Disability Research Priorities Proposed

     WASHINGTON (CN) – The Assistant Secretary for Special Education and Rehabilitative Services (SERS) has proposed priorities for research to improve rehabilitation outcomes and to assist in improving research processes.
     Under the Department of Education, SERS proposes four priorities for the Rehabilitation Research and Training Center (RRTC) Program administered by the National Institute on Disability and Rehabilitation Research (NIDRR).
     The four priorities are: Living and Participation of Individuals with Physical Disabilities; Employment of Individuals with Physical Disabilities; Health and Function of Individuals with Intellectual and Development Disables; and Community Living and Participation for Individuals with Intellectual and Developmental Disabilities.
     Through the implementation of the plan, NIDRR seeks to “(1) Improve the quality and utility of disability and rehabilitation research; (2) foster an exchange of expertise, information, and training methods to facilitate the advancement of knowledge and understanding of the unique needs of traditionally underserved populations; (3) determine best strategies and programs to improve rehabilitation outcomes for underserved populations; (4) identify research gaps; (5) identify mechanisms for integrating research and practice; and (6) disseminate findings,” according to SERS.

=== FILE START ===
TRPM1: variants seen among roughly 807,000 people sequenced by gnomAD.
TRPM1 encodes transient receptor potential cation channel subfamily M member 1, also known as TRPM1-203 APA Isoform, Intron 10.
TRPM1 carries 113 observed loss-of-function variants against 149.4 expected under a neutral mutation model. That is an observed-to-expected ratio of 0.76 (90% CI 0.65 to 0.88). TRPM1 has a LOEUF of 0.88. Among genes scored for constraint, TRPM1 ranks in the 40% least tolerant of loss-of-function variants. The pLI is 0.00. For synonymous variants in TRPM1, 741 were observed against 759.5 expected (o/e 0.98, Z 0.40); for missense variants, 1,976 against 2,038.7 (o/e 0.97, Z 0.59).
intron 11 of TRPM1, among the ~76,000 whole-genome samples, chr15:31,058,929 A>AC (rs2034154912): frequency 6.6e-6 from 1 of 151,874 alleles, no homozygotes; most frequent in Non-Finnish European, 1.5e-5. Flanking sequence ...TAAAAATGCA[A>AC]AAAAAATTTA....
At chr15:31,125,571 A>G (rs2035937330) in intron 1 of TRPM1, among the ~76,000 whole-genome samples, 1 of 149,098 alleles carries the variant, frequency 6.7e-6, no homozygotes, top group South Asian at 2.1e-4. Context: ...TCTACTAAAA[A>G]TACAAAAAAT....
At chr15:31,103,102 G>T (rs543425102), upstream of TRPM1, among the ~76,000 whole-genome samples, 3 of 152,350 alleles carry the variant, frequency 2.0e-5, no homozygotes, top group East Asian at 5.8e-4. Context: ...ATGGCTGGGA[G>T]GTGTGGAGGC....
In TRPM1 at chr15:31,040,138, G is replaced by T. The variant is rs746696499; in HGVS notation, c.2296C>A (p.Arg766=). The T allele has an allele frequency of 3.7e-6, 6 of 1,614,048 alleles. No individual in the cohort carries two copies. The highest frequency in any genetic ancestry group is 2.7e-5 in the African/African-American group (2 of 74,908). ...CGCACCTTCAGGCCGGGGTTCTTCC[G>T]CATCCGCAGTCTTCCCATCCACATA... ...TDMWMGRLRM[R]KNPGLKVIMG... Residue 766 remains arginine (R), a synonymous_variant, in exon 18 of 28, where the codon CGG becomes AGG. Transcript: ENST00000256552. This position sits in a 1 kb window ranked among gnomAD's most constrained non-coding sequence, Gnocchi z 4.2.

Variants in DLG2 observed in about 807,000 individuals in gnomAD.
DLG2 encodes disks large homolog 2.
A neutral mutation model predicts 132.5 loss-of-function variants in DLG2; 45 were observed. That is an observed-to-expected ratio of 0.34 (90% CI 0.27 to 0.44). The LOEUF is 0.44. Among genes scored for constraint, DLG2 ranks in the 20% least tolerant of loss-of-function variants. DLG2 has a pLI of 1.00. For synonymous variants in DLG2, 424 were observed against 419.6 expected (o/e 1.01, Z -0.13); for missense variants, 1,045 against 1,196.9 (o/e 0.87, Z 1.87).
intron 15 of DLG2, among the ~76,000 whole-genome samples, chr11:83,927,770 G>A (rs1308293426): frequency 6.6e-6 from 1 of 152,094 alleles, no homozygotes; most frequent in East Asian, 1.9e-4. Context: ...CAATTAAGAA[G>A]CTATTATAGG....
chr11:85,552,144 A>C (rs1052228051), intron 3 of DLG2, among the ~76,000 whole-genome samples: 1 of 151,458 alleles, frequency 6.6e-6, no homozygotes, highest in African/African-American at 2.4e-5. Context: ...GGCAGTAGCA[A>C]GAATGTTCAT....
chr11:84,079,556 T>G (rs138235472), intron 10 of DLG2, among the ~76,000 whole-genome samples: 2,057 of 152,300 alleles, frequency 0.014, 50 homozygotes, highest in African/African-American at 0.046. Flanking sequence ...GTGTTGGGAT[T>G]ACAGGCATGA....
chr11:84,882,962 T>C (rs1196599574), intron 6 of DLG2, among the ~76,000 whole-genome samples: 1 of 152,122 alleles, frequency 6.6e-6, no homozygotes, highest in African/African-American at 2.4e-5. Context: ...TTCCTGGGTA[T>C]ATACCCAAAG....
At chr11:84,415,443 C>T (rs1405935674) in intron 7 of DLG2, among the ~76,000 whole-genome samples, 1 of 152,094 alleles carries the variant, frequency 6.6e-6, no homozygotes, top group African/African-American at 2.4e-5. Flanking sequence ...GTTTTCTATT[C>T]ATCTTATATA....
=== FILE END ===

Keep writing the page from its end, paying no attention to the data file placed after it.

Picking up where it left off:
The RRTCs are funded through the Disability and Rehabilitation Research Projects and Centers Program and is intended to achieve the goals of, and improve the effectiveness of, services authorized under the Rehabilitation Act through advanced research, training, technical assistance and dissemination activities in general problem areas as specified by NIDRR.
     “These activities are designed to benefit rehabilitation service providers, individuals with disabilities and family members or other authorized representatives of individuals with disabilities,” SERS said.
     States are required to provide services to the disabled under the U.S. Supreme Court’s 1999 “Olmstead” decision.
     According to SERS, there are 51.5 million Americans with disabilities, 41.5 million of those physical related. In 2010, over 8 million adults were estimated to need personal assistance from a family member, friend or paid helper in order to live in the community due to difficulties in performing basic activities of daily living such as bathing, dressing, toileting and getting around in the home, according to SERS.
     According to SERS, “people with physical disabilities continue to encounter significant barriers to living in the community and participating in activities of their choice.”

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